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News and stories from the world of Archaeology and its related disciplines

Vikings raided cos they were desperate single men?

When the Vikings landed at the holy island of Lindisfarne in 793AD, it marked the beginning of hundreds of years of terrifying raids, which would earn the Norsemen a fearsome reputation as murderers and pillagers throughout Europe.

But the reason why groups took to the seas in the first place continues to divide historians, some blaming over-population in Scandinavia, and others seeing it as a preemptive strike against the seemingly unstoppable march of Christianity.

Now a new theory suggests that the Vikings actually had matters of the heart on their minds.

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9th-century ‘Doomsday stone’ found at Lindisfarne

 

Dr Mark Collard, Professor of Archaeology at the University of Aberdeen and currently the Canada Research Chair at the Simon Fraser University in British Columbia, Canada, along with colleague Ben Raffield and Neil Price, Professor of Archaeology at Uppsala University , believes that changes in society had led to a desperate shortage of marriage partners.

The growth of polygamy and social inequality in the late Iron Age meant that richer men took many wives, or concubines, causing an inbalance in the male-female sex ratio.

Suddenly young poor men had little chance of securing a wife unless they became rich and well-known quickly, says Prof Collard. And raiding was a shortcut to heroism and treasure, he believes.

“What is clear is that the sex ratio would have been substantially biased and increasing through time, and even small amounts of bias can have a big effect,” he said.

“In a population where just a few powerful older men are able to have multiple concubines you end up with a large number of young single men quite rapidly.  Some men would have two to three wives, but the Norse sagas say that some princes had limitless numbers.

“So raiding was away to build up wealth and power. Men could gain a place in society, and the chance for wives if they took part in raids and proved their masculinity and came back wealthy.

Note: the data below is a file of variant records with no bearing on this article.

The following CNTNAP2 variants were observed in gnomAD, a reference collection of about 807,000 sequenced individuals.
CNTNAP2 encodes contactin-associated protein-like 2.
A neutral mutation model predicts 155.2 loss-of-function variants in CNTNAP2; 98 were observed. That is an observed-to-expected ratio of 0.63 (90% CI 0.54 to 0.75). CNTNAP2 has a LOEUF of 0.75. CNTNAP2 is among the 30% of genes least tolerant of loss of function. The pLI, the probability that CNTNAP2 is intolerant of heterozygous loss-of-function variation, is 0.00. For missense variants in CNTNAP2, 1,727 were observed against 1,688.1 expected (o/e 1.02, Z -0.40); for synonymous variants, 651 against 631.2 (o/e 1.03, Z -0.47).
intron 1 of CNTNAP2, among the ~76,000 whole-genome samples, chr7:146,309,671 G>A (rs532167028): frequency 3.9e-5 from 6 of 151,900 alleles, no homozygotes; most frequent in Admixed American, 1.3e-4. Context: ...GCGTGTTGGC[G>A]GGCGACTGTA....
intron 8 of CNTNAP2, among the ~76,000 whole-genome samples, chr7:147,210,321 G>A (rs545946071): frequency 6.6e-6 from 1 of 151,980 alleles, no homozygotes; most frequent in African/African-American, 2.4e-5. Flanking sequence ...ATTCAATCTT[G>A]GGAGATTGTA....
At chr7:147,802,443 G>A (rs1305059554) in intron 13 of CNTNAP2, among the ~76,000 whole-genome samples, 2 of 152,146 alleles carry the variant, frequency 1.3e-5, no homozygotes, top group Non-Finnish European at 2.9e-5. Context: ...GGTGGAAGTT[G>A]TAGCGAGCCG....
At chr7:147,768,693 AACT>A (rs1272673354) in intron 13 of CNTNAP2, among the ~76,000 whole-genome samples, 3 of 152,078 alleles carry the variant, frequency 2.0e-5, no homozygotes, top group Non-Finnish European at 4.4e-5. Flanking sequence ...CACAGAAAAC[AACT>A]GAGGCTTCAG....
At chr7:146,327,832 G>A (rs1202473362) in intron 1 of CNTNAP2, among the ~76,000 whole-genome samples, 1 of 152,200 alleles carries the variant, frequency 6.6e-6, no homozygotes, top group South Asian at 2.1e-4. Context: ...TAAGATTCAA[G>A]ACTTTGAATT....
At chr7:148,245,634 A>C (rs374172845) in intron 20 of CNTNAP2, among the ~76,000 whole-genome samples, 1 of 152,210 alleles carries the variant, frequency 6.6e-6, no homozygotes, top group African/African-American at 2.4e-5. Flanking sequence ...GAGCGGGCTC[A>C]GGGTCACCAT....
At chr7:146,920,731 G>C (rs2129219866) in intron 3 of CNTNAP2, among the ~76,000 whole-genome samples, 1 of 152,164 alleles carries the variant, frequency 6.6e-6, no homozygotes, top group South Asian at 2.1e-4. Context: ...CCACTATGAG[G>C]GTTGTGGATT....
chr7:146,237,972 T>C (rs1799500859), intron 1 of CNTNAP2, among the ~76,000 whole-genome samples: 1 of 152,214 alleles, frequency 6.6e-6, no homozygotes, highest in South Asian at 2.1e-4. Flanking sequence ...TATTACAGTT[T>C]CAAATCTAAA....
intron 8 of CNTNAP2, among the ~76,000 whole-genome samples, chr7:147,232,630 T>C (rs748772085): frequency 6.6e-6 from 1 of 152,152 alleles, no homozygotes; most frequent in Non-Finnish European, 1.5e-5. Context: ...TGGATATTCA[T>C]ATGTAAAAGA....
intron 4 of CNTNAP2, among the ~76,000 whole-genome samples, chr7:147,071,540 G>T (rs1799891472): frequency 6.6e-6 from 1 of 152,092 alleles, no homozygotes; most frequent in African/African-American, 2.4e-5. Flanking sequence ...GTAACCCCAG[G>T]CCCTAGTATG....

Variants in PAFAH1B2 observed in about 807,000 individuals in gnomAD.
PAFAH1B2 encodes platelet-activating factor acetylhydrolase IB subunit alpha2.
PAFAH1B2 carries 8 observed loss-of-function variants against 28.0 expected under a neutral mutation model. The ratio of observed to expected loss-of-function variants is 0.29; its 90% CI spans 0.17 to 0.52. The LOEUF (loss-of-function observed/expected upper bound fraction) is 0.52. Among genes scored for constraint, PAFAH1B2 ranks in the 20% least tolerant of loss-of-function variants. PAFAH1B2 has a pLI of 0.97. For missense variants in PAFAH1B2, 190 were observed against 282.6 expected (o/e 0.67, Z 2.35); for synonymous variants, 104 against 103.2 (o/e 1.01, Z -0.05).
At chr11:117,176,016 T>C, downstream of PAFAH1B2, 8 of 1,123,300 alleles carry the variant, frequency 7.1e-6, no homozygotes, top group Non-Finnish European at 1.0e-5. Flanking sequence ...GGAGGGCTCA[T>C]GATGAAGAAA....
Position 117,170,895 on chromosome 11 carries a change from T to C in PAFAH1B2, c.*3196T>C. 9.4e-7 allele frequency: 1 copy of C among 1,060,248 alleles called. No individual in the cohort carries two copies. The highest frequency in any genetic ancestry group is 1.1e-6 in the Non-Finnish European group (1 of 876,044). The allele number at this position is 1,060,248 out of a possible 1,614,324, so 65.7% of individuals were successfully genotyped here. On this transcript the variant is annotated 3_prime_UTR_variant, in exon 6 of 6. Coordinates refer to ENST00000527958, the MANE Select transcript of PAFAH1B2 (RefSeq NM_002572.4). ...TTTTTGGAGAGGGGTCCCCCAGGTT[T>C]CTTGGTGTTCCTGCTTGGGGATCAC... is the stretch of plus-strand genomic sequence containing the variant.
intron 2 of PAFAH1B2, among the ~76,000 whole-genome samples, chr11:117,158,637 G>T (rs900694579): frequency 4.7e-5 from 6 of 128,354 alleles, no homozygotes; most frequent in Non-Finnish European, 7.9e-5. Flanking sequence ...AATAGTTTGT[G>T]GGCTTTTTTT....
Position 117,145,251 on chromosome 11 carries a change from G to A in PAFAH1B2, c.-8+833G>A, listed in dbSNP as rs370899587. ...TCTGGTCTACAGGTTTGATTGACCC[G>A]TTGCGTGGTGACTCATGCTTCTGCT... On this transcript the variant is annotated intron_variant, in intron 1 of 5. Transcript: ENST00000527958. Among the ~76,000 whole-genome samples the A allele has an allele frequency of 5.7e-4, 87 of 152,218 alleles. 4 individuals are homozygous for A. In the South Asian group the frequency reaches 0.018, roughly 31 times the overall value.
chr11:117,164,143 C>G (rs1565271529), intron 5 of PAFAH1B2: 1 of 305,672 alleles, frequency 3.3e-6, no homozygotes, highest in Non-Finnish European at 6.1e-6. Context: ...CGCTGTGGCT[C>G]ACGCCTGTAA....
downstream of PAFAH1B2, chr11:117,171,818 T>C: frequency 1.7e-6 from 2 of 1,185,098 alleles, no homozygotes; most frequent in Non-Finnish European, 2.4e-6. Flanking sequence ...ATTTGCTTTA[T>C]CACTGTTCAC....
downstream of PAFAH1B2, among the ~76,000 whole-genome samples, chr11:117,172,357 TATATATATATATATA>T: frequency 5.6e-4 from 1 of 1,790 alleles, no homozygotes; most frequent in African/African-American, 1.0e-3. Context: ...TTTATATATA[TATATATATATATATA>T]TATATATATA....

“Because polygynous marriage increases male-male competition by creating a pool of unmarried men, it increases risky status-elevating behaviour.”

Surprisingly the idea was first put forward by the Norman historian Dudo of Saint Quentin who argued in his 10th century work, The History of The Normans, that the Viking raids were sparked by an excess of unmarried young men.

Similarly the English antiquarian William Camden in his 1610 work Britannia suggested that the ‘Wikings’ were selected from areas of overpopulation after they “multiply’d themselves to a burdensome community”.

Vikings disembarking in England during the second wave of migration (vellum)

Vikings disembarking in England, from a 10th-century Scandinavian manuscript

But in recent years the theory has lost support from historians with many believing that raids were a quest for retaliation against Charlemagne’s bloody campaign to force Scandinavian pagans to convert to Christianity – killing those who would not be baptised.

However Prof Collard believes new research into psychology, and other ethnographic studies of tribes, now make the new theory more plausible.

Recent studies found that aggression rises when there is a shift in the male-female sex ratio and where the percentage of unmarried men is greater, the rates of rape, murder, assault, theft and fraud also rise.

New research has also shown that Yanomamo tribes in South America resort to inter-village raiding for polygamous marriages.

Norse sagas such as The Saga of the People of Laxardal and the Saga of Harald suggest that by the time of the raids polygamous behaviour was normal in Scandinavia while the Saga of the People of Vatnsdal speaks of concubines.

And the archaeological evidence of the graves of Viking raiding parties also suggests that  sailors were young males, rather than seasoned soldiers.

“Acquiring portable wealth seems to have been the major objective of raiding groups. Undefended monasteries away from settled areas would have been ideal targets,” added Prof Collard.

“By the end of the 8th century a number of regional polities and petty kingdoms had developed in Scandanavia.

“It is possible that the combined effects of polygyny, concubinage and social stratification simply reached a tipping point that led to a surge in raiding.

“With elite men monopolising an increasing percentage of women, many low-status men would have found it difficult to marry unless they were willing to engage in risky activites to improve wealth and status.”

The new paper was published in the journal Evolution & Human Behaviour.

Source.

Filed under: Archaeology, Historia, , , , , , , , , , ,

Ritually motivated trepanation in Southern Russia?

For a large part of human prehistory, people around the world practised trepanation: a crude surgical procedure that involves forming a hole in the skull of a living person by either drilling, cutting or scraping away layers of bone with a sharp implement.

To date, thousands of skulls bearing signs of trepanation have been unearthed at archaeological sites across the world.

But despite its apparent importance, scientists are still not completely agreed on why our ancestors performed trepanation.